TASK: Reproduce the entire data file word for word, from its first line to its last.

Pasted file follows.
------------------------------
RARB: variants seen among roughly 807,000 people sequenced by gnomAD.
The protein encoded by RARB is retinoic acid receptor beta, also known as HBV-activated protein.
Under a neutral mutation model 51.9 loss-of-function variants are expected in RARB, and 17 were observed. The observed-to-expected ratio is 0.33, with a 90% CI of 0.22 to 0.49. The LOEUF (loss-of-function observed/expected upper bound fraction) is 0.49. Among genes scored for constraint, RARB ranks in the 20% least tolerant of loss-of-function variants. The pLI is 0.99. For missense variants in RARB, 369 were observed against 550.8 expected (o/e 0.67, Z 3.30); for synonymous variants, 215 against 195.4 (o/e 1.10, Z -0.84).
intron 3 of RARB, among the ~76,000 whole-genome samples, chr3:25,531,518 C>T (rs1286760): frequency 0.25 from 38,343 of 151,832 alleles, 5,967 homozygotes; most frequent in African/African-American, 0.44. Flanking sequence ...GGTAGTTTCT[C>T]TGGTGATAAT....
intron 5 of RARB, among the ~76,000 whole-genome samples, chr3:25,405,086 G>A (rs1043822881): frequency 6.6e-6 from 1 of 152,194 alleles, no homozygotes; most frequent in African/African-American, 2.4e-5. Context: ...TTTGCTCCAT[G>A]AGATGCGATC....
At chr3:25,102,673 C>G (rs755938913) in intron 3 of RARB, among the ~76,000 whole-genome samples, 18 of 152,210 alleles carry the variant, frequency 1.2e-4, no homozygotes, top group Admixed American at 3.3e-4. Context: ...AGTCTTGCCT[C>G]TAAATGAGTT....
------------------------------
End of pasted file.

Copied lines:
RARB: variants seen among roughly 807,000 people sequenced by gnomAD.
The protein encoded by RARB is retinoic acid receptor beta, also known as HBV-activated protein.
Under a neutral mutation model 51.9 loss-of-function variants are expected in RARB, and 17 were observed. The observed-to-expected ratio is 0.33, with a 90% CI of 0.22 to 0.49. The LOEUF (loss-of-function observed/expected upper bound fraction) is 0.49. Among genes scored for constraint, RARB ranks in the 20% least tolerant of loss-of-function variants. The pLI is 0.99. For missense variants in RARB, 369 were observed against 550.8 expected (o/e 0.67, Z 3.30); for synonymous variants, 215 against 195.4 (o/e 1.10, Z -0.84).
intron 3 of RARB, among the ~76,000 whole-genome samples, chr3:25,531,518 C>T (rs1286760): frequency 0.25 from 38,343 of 151,832 alleles, 5,967 homozygotes; most frequent in African/African-American, 0.44. Flanking sequence ...GGTAGTTTCT[C>T]TGGTGATAAT....
intron 5 of RARB, among the ~76,000 whole-genome samples, chr3:25,405,086 G>A (rs1043822881): frequency 6.6e-6 from 1 of 152,194 alleles, no homozygotes; most frequent in African/African-American, 2.4e-5. Context: ...TTTGCTCCAT[G>A]AGATGCGATC....
At chr3:25,102,673 C>G (rs755938913) in intron 3 of RARB, among the ~76,000 whole-genome samples, 18 of 152,210 alleles carry the variant, frequency 1.2e-4, no homozygotes, top group Admixed American at 3.3e-4. Context: ...AGTCTTGCCT[C>G]TAAATGAGTT....